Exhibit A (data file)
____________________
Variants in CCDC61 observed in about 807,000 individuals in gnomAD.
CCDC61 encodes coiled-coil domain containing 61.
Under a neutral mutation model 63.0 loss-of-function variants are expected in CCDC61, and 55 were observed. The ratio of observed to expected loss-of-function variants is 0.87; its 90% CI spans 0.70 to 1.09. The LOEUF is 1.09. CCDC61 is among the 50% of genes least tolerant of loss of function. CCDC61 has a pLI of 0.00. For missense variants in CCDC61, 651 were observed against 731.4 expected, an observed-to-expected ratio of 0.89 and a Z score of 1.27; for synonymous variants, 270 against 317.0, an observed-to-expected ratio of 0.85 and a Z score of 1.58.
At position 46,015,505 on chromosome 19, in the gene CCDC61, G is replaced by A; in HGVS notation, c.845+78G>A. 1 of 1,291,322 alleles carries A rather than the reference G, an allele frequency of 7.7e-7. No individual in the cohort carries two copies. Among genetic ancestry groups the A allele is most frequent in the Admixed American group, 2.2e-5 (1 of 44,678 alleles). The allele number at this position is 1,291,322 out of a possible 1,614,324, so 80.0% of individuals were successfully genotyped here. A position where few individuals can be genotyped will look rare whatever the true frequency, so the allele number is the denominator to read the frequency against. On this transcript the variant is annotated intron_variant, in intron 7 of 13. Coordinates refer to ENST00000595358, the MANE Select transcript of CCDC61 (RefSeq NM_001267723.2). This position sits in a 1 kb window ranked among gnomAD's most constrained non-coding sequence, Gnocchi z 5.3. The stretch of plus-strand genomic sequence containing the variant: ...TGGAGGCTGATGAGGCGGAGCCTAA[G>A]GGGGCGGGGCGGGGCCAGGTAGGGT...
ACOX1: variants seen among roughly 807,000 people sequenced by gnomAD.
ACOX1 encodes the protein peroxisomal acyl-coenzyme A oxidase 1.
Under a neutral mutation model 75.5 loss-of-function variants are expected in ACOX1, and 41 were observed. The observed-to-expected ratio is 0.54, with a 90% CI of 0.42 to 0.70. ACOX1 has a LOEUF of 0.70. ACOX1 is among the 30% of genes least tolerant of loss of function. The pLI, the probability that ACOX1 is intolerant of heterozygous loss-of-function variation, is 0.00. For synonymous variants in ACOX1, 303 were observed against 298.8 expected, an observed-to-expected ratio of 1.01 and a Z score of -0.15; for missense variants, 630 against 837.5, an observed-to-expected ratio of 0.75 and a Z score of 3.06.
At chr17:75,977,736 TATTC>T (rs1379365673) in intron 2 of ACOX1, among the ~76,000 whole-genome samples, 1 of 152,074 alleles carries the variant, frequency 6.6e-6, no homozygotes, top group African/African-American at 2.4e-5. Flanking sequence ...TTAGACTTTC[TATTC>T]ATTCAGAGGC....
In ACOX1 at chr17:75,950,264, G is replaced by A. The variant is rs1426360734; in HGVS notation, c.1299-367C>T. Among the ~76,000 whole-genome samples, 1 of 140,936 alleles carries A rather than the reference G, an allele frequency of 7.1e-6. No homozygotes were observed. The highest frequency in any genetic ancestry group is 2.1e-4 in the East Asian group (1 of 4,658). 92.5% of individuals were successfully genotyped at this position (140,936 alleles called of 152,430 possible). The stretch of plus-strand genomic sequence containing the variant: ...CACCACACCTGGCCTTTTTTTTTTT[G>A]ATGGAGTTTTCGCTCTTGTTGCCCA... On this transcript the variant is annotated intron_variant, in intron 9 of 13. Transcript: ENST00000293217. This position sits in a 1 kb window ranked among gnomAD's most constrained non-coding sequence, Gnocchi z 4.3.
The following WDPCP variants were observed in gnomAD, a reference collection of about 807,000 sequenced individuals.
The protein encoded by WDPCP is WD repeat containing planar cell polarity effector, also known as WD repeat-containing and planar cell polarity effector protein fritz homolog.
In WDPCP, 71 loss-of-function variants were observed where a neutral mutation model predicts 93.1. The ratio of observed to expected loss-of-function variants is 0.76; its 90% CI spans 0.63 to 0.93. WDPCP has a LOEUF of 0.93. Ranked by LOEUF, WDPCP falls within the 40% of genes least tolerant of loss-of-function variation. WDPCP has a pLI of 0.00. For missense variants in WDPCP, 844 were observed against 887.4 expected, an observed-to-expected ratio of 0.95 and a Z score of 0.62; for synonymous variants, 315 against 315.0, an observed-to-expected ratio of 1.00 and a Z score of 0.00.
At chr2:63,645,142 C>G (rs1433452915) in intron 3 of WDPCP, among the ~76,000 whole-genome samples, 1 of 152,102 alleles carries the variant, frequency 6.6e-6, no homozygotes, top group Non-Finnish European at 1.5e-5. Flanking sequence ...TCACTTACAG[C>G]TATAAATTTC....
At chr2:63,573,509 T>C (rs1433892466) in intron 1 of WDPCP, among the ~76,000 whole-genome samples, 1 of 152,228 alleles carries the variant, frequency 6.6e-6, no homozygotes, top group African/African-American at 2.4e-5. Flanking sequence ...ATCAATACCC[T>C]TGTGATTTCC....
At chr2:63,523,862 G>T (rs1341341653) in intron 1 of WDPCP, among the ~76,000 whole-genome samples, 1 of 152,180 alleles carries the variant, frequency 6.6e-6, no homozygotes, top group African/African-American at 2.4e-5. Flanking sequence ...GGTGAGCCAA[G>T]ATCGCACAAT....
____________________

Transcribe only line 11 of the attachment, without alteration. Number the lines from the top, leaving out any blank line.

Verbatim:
The protein encoded by WDPCP is WD repeat containing planar cell polarity effector, also known as WD repeat-containing and planar cell polarity effector protein fritz homolog.